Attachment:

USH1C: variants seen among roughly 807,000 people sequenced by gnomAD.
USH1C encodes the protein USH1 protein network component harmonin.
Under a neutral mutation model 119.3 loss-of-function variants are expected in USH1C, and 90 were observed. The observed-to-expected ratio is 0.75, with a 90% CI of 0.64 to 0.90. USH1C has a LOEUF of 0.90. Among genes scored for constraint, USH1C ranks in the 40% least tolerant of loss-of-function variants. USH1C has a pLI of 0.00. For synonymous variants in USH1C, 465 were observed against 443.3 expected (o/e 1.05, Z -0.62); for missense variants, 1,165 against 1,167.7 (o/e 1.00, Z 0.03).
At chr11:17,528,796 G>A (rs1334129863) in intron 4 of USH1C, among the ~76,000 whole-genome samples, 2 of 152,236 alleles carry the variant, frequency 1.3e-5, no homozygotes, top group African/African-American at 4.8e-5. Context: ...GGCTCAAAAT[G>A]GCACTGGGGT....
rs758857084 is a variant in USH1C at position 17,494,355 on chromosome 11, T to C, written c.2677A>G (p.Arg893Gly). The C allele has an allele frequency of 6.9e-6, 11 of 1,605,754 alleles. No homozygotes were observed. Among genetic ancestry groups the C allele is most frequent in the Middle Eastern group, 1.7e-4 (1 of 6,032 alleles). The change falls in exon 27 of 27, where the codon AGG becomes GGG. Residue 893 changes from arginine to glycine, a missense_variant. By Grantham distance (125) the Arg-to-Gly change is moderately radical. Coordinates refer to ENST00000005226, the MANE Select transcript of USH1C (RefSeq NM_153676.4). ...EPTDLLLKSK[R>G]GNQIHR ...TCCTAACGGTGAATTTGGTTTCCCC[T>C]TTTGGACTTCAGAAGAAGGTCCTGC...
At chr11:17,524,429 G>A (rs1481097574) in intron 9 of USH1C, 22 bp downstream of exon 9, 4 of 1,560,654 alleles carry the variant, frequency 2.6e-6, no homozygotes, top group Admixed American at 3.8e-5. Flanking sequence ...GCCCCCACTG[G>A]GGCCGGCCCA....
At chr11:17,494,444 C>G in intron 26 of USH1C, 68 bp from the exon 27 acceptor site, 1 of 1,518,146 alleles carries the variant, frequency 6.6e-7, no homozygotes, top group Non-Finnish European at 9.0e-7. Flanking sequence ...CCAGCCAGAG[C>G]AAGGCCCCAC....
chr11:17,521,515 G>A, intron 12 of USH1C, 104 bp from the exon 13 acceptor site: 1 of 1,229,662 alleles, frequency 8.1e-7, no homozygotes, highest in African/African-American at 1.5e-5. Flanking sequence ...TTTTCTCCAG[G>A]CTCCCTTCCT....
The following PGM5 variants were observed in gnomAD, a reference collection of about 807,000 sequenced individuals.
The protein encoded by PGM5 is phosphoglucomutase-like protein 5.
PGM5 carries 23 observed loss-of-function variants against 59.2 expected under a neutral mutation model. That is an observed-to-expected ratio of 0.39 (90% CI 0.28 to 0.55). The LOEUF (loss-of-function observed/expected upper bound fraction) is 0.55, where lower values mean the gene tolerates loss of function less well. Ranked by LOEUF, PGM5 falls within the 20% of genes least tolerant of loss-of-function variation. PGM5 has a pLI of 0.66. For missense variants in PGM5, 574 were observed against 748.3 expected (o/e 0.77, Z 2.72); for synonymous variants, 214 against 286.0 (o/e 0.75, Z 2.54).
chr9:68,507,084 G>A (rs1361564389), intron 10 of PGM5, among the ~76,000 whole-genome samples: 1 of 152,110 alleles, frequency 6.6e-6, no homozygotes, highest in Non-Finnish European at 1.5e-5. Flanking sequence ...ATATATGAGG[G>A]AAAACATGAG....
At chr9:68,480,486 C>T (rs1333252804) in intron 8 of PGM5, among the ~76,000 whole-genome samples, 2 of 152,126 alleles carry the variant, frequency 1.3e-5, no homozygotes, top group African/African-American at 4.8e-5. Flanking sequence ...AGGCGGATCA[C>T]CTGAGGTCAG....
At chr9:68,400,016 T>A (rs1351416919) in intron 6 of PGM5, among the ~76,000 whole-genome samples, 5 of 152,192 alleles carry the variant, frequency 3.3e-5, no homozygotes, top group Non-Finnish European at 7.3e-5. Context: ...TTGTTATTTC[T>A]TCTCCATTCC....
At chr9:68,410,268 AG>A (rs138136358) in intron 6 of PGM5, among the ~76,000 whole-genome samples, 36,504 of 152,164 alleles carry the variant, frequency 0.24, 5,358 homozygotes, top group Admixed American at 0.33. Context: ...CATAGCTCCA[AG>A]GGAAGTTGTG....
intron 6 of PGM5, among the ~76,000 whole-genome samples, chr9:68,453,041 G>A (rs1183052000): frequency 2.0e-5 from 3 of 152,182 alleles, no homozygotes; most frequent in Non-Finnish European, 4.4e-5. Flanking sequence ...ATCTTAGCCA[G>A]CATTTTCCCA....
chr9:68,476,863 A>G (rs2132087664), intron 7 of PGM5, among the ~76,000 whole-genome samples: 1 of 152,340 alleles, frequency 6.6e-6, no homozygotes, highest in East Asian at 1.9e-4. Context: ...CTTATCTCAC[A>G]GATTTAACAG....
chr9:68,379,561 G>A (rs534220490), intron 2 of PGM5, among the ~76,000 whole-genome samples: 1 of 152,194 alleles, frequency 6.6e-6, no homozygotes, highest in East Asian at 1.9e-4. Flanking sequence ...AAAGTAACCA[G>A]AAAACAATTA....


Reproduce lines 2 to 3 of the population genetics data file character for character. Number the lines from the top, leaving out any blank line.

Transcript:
USH1C encodes the protein USH1 protein network component harmonin.
Under a neutral mutation model 119.3 loss-of-function variants are expected in USH1C, and 90 were observed. The observed-to-expected ratio is 0.75, with a 90% CI of 0.64 to 0.90. USH1C has a LOEUF of 0.90. Among genes scored for constraint, USH1C ranks in the 40% least tolerant of loss-of-function variants. USH1C has a pLI of 0.00. For synonymous variants in USH1C, 465 were observed against 443.3 expected (o/e 1.05, Z -0.62); for missense variants, 1,165 against 1,167.7 (o/e 1.00, Z 0.03).